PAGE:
To hear all of the whining, you'd think the county just bought itself a police blimp.
The Davis County Sheriff's Office recently became the first kid on the block to own a BearCat, and apparently the purchase has managed to stir up all sorts of paranoid folks who see it as the beginning of the end for our free society. Honestly, the last time I recall seeing this much hand-wringing over a law enforcement purchase was when the Ogden Police Department announced plans to deploy an unmanned crime-fighting blimp.
The BearCat is made by Lenco, a Pittsfield, Mass.-based manufacturer of armored vehicles. The company's primary models are the B.E.A.R. vehicle and the BearCat vehicle. B.E.A.R. is an acronym for Ballistic Engineered Armored Response. The BearCat, a smaller version of the B.E.A.R., is based on a Ford truck chassis and adds "Counter Attack Truck" onto the end of its acronym. In both cases, the vehicles are basically armored personnel carriers.
How cool is the Lenco BearCat? So cool that it's been featured on the "Jay Leno's Garage" website. And so cool that I have no doubt that when the next high school is built in Davis County, the Fighting BearCats will be its official mascot.
I've been trying to work up some righteous indignation over my county owning one of these "mean machines," but I just don't feel the rage. I mean, I suppose the Davis County Sheriff could have purchased something less military-looking -- like one of those armor-plated limousines preferred by wealthy executives, which would have offered the added bonus of allowing deputies to travel from hostage crisis to bank holdup in style. ("Hey! A wet bar with bulletproof glasses!") But this BearCat thing just seems more practical.
And it's hardly the scary monster some are making it out to be. It's an armored vehicle, people. If it helps, think of it as a bread truck with really thick steel walls. And bulletproof glass. And, well, minus that heavenly aroma of just-baked goodness inside. (Although, at this point a cheekier columnist might point out the BearCat offers a faint whiff of America's favorite breakfast meat ...)
This is not to say that some folks weren't cagey about the BearCat in the beginning. Indeed, in a December story in the Standard-Examiner, county officials called the BearCat an "armored hazardous response vehicle." Which made it sound like its primary responsibility would be cleaning up jet fuel spills at Hill Air Force Base.
And according to that same news article: "Davis County Commissioner Bret Millburn said the BearCat will be a fantastic tool in the event of an earthquake." Seriously? Better than a bulldozer or a backhoe?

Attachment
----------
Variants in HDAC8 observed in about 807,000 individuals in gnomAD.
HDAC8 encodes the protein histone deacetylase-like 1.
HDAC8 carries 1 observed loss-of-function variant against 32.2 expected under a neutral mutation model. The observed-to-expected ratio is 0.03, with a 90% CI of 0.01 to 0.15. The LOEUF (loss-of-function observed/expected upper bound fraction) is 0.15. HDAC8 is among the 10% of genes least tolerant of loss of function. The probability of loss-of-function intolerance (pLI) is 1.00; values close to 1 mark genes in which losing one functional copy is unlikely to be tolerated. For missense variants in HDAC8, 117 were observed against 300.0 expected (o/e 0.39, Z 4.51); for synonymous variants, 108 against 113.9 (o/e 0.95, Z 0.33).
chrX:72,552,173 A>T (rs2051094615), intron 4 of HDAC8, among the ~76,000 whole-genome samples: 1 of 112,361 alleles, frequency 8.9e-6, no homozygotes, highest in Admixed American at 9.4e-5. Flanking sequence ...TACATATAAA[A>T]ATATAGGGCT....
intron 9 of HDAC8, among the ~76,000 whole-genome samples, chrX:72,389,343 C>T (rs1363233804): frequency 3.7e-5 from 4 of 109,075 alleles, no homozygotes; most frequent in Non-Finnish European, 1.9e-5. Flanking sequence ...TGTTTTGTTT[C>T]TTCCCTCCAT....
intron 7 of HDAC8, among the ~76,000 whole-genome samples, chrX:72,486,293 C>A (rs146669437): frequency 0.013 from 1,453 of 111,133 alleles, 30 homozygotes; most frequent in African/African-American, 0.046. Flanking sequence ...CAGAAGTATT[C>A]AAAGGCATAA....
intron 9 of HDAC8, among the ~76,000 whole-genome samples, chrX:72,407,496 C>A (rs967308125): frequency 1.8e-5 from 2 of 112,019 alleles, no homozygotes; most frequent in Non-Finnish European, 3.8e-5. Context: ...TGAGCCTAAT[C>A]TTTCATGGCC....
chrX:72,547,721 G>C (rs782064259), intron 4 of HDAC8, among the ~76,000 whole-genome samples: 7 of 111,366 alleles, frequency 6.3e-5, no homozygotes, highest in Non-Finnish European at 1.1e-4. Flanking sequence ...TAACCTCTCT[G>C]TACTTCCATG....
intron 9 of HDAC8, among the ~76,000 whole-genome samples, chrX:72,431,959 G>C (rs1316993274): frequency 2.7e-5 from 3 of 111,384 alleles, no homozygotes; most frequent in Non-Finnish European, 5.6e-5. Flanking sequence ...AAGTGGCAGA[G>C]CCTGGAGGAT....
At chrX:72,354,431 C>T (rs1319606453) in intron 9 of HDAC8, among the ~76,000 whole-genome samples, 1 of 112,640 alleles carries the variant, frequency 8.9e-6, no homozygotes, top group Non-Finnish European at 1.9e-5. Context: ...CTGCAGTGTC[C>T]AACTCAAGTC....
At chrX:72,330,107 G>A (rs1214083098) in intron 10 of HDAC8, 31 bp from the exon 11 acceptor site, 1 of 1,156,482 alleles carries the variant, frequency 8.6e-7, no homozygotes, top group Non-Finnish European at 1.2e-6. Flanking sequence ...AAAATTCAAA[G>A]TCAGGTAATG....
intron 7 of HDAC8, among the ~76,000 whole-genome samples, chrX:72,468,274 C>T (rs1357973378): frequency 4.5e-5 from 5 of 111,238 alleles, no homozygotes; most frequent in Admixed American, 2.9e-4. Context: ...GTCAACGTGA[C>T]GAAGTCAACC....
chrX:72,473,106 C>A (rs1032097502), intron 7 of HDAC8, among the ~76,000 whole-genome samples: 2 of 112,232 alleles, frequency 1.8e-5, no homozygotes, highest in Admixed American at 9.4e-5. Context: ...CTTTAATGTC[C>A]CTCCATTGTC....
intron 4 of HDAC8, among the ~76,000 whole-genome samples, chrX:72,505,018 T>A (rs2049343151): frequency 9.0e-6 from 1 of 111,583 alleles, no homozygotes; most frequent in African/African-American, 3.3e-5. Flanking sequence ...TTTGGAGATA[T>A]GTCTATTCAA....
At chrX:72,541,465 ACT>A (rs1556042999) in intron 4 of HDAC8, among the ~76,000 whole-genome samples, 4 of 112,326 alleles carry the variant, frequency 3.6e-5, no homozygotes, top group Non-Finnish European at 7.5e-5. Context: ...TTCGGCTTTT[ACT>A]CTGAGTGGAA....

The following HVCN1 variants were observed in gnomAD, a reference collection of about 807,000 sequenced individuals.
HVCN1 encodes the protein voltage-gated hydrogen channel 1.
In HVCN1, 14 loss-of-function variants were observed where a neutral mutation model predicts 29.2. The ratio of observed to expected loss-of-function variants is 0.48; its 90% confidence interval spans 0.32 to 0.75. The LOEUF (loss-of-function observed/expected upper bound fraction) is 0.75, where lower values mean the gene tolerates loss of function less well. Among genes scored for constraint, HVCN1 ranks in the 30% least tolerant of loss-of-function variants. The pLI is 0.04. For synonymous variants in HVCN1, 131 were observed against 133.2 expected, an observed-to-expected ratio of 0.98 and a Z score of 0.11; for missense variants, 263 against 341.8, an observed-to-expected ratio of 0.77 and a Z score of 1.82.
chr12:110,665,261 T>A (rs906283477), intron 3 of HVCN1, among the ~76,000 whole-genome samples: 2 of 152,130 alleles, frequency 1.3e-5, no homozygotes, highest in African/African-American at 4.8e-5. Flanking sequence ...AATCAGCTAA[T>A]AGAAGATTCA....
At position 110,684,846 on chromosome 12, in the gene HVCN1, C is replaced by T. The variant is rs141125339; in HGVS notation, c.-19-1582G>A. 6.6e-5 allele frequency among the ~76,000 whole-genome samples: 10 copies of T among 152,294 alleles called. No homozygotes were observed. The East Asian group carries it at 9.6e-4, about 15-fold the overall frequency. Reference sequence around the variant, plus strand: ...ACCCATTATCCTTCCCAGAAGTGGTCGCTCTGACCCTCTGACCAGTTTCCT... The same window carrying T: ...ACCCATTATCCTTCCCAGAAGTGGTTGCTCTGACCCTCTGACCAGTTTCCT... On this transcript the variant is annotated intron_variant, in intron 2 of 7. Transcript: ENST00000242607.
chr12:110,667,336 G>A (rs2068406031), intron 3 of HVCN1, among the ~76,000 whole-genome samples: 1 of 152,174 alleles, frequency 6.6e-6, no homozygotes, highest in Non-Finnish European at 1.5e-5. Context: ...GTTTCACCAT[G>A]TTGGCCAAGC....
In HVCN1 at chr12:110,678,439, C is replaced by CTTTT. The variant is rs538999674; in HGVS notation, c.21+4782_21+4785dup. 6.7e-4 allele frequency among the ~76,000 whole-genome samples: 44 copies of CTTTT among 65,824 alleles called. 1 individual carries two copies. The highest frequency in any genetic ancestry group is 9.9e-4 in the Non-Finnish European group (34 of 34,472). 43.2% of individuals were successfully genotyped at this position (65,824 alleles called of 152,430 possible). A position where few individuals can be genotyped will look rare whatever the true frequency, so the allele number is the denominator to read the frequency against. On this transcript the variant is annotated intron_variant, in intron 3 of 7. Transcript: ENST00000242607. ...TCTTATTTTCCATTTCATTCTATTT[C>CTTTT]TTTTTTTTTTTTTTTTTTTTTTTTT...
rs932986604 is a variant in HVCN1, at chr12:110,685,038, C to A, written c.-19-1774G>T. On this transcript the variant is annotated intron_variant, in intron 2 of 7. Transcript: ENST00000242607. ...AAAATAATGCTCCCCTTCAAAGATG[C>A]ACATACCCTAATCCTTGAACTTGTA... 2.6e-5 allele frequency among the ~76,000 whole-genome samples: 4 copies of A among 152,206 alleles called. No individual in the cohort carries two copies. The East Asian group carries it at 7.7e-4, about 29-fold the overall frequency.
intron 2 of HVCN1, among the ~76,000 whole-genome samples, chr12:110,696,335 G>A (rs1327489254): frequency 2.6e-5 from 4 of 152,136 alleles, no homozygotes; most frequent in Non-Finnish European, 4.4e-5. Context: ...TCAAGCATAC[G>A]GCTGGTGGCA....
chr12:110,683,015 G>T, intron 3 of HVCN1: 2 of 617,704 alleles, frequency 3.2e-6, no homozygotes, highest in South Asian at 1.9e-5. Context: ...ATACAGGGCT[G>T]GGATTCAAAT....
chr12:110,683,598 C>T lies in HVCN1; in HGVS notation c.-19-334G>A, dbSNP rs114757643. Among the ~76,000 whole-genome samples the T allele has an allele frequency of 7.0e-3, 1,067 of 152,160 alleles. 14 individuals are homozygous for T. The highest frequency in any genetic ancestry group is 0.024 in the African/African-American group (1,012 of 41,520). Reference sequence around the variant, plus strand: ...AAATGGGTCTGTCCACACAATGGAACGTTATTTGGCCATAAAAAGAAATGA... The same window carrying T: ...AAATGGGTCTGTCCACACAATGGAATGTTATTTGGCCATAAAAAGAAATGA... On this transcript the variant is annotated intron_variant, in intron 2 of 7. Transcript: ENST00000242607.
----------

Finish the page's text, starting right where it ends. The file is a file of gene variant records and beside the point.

All well and good, but I'm pretty sure haz-mat cleanup and earthquake response isn't why the Davis County Sheriff's Office wanted a BearCat. The vehicle's primary purpose, near as I can figure, is to enable members of law enforcement to get into, around and out of dangerous places without getting shot. Period.
You wanna argue that buying the BearCat was a waste of money, and that you think it's overkill for tranquil, law-abiding Davis County? Fine. I can respect that. But kindly do not insult what little intelligence I have by trying to equate an armored personnel carrier with some sort of militaristic offensive weaponry about to be unleashed on unsuspecting citizens. Until they start mounting Davis County's BearCat with Stinger missiles or RPGs or flame-throwers, to me it's just a big ol' bulletproof vest on wheels.
And don't bother with that slippery slope argument, either -- at least, not until we get a bit more slip, or a bit more slope. Because if Davis County is going to declare martial law anytime soon, they're going to need more than just one of these things to keep the citizens' necks pinned beneath their oppressive jackboots. Let me know when officials put in an order for another half-dozen BearCats. Then we'll talk.
But for now, the primary selling point is that this thing protects the people in it -- or behind it -- from bullets. And when you've got a shooting victim lying injured in a parking lot somewhere, a big, bulletproof anything is just the ticket to position between shooter and victim.
I don't know. Maybe this whole BearCat dust-up is simply a public relations problem. Maybe it's just the perception that the vehicle looks menacing, what with its flat-black paint job and all. My suggestion? The sheriff's office ought to paint that thing in some sort of soothing pastel color, with a great big yellow smiley face and "Have a Nice Day!" on the hood.
Come to think if it, if Ogden had thought to do that with the police blimp idea, residents could be staring up at a fluffy little cigar-shaped cloud right now.
Go, BearCats, go! Contact Mark Saal at 801-625-4272 or firstname.lastname@example.org.